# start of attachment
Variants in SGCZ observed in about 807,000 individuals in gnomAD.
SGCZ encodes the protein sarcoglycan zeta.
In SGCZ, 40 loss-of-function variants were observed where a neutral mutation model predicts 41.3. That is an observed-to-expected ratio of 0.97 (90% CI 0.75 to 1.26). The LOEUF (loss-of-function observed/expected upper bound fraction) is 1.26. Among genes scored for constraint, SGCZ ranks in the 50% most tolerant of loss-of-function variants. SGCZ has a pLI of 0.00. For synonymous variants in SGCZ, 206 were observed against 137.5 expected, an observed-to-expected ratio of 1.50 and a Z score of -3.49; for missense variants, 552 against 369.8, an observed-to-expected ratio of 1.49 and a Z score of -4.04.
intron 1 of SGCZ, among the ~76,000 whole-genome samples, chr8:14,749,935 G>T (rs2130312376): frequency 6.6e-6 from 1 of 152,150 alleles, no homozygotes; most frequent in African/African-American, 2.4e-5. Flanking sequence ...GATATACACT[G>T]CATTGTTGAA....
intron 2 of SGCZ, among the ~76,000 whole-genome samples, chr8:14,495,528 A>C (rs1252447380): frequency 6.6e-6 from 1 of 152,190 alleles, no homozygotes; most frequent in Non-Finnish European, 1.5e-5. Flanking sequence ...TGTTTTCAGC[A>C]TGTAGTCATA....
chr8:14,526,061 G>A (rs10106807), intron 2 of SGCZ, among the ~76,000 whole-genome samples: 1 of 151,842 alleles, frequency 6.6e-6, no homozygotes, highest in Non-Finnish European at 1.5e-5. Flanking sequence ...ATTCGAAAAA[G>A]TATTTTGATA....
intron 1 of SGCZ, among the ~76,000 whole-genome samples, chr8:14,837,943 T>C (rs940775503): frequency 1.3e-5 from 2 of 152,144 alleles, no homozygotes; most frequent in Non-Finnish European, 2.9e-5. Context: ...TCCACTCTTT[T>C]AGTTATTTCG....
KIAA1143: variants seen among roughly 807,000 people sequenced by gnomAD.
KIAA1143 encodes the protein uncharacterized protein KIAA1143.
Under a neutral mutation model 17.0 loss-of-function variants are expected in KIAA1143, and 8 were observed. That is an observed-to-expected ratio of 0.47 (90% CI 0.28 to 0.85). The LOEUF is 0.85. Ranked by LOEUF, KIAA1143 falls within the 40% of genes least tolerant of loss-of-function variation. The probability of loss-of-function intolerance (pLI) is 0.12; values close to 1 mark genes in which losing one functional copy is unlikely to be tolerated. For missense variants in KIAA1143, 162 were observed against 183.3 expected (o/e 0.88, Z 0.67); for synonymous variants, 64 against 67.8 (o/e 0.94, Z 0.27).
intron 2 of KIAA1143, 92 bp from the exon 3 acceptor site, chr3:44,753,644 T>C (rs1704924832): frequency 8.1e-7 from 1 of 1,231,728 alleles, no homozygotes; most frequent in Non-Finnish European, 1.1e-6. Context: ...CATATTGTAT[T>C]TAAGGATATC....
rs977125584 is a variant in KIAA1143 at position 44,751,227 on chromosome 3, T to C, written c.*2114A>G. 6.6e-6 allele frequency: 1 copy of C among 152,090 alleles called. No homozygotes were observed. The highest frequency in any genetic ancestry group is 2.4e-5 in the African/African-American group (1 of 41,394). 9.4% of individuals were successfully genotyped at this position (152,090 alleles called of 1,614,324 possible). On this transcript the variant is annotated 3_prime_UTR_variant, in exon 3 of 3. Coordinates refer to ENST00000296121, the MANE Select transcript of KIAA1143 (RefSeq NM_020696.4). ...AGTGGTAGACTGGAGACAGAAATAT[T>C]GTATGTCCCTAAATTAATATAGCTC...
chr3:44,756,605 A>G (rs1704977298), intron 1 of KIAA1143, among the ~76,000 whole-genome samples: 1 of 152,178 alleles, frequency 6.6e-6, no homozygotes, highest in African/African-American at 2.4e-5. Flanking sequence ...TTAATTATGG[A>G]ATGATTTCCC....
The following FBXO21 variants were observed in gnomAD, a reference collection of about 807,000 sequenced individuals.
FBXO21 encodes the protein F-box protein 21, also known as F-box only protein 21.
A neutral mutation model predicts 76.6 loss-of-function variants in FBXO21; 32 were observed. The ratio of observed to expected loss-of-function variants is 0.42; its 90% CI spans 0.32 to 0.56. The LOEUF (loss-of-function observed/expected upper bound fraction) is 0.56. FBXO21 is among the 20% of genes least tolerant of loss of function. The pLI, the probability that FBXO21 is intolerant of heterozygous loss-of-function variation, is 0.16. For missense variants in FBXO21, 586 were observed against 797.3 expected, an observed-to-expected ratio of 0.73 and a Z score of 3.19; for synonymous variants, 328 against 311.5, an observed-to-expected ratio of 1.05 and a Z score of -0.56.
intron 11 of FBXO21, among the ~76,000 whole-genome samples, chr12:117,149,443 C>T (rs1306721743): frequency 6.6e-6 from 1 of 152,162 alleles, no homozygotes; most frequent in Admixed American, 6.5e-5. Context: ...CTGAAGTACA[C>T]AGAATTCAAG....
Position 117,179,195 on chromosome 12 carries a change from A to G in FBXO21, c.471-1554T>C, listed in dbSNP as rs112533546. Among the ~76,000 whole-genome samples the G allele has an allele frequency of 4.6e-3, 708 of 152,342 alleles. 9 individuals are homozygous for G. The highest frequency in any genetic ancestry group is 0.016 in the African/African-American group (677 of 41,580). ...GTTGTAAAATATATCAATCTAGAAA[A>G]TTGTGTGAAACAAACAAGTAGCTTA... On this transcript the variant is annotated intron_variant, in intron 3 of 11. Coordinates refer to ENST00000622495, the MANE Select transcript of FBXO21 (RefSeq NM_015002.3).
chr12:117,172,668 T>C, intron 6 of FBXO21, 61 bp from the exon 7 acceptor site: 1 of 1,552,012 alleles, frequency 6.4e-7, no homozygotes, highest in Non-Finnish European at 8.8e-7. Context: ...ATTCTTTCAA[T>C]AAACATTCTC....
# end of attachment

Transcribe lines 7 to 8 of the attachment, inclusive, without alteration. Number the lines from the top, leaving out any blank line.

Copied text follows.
intron 1 of SGCZ, among the ~76,000 whole-genome samples, chr8:14,837,943 T>C (rs940775503): frequency 1.3e-5 from 2 of 152,144 alleles, no homozygotes; most frequent in Non-Finnish European, 2.9e-5. Context: ...TCCACTCTTT[T>C]AGTTATTTCG....
KIAA1143: variants seen among roughly 807,000 people sequenced by gnomAD.